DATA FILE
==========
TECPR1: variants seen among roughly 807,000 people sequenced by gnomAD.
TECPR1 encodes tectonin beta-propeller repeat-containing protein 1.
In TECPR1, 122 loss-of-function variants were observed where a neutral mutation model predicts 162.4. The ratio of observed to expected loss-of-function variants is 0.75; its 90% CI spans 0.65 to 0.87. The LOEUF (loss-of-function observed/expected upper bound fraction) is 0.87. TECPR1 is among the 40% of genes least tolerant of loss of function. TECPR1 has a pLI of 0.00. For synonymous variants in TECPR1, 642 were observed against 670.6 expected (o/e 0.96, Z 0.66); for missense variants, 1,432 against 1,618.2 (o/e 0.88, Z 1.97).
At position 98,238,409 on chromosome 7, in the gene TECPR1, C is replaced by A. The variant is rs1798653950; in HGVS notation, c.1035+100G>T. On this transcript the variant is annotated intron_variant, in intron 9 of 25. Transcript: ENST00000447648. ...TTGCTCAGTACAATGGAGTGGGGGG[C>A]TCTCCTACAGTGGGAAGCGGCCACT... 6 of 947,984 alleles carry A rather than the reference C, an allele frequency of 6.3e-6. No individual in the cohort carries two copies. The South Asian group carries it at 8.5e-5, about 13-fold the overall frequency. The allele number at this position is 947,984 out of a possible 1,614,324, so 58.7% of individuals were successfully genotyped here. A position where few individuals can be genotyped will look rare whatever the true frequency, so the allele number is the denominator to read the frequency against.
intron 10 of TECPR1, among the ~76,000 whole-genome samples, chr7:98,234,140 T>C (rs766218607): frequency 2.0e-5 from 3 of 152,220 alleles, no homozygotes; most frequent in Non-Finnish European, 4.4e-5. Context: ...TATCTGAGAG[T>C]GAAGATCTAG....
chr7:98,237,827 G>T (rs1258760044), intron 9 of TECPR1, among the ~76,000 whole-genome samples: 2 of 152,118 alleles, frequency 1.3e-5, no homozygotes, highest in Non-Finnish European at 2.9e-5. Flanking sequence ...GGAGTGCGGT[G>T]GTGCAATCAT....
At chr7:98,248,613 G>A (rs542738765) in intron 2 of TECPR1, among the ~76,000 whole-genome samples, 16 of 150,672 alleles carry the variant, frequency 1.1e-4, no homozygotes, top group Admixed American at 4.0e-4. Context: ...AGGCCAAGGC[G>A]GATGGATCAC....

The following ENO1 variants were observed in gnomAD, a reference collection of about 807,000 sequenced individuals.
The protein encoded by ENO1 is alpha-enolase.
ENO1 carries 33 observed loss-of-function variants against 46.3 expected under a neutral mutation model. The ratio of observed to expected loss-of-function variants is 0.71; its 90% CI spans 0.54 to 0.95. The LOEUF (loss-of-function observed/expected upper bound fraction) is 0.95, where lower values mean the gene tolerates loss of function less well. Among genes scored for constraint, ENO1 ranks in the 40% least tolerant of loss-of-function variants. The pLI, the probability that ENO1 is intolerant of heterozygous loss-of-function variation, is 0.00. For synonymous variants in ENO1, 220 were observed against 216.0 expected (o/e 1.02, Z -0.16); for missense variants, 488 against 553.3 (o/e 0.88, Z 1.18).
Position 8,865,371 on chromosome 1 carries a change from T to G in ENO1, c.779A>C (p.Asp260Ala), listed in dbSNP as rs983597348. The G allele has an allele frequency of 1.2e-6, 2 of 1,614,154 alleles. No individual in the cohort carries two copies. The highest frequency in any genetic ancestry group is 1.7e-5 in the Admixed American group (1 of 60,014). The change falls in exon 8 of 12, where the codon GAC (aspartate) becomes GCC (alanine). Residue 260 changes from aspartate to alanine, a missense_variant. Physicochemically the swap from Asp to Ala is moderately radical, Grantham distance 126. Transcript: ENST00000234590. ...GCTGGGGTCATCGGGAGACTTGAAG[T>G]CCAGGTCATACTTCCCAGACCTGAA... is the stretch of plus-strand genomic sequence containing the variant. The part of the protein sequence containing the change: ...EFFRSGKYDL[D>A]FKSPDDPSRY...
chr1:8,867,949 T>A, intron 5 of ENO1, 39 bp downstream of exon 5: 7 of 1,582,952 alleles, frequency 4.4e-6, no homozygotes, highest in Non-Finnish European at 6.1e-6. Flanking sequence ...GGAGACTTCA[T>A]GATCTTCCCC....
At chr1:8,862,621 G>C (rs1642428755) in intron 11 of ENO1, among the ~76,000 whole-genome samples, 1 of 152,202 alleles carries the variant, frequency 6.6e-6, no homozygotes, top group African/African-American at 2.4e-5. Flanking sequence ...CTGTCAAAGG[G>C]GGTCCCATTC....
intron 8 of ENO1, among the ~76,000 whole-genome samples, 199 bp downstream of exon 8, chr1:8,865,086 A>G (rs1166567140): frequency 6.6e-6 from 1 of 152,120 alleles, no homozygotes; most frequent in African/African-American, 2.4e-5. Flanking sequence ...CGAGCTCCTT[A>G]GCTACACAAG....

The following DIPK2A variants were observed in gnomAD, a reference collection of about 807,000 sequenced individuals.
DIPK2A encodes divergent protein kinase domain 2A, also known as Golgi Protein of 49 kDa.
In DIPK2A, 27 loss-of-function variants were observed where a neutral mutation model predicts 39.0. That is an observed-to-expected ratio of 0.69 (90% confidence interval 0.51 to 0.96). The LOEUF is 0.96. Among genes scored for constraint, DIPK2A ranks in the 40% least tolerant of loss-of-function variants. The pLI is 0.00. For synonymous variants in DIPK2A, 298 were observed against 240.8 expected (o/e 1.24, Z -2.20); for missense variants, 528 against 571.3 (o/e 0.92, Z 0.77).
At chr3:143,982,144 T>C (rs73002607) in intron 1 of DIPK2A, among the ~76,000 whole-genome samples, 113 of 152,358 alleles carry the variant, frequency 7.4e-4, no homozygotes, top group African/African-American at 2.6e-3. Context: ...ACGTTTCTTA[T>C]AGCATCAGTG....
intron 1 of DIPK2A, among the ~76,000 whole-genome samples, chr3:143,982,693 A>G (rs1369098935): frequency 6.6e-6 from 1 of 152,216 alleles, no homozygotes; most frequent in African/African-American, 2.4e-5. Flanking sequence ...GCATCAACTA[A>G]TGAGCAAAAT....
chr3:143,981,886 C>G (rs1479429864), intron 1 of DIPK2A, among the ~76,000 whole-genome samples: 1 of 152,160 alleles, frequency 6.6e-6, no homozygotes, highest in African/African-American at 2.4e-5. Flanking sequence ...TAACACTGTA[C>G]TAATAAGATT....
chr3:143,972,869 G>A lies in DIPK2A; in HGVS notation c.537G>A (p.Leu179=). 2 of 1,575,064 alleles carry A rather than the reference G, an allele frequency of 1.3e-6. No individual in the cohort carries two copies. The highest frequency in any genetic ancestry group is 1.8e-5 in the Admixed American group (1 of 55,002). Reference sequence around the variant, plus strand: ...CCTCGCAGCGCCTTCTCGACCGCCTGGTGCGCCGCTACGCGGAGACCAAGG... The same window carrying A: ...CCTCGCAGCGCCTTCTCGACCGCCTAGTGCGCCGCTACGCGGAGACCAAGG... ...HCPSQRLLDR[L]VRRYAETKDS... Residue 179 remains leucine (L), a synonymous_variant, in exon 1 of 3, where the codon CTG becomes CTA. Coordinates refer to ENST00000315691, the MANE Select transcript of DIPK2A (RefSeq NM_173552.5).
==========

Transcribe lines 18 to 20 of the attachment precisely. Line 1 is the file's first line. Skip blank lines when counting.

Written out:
At chr3:143,982,144 T>C (rs73002607) in intron 1 of DIPK2A, among the ~76,000 whole-genome samples, 113 of 152,358 alleles carry the variant, frequency 7.4e-4, no homozygotes, top group African/African-American at 2.6e-3. Context: ...ACGTTTCTTA[T>C]AGCATCAGTG....
intron 1 of DIPK2A, among the ~76,000 whole-genome samples, chr3:143,982,693 A>G (rs1369098935): frequency 6.6e-6 from 1 of 152,216 alleles, no homozygotes; most frequent in African/African-American, 2.4e-5. Flanking sequence ...GCATCAACTA[A>G]TGAGCAAAAT....
chr3:143,981,886 C>G (rs1479429864), intron 1 of DIPK2A, among the ~76,000 whole-genome samples: 1 of 152,160 alleles, frequency 6.6e-6, no homozygotes, highest in African/African-American at 2.4e-5. Flanking sequence ...TAACACTGTA[C>G]TAATAAGATT....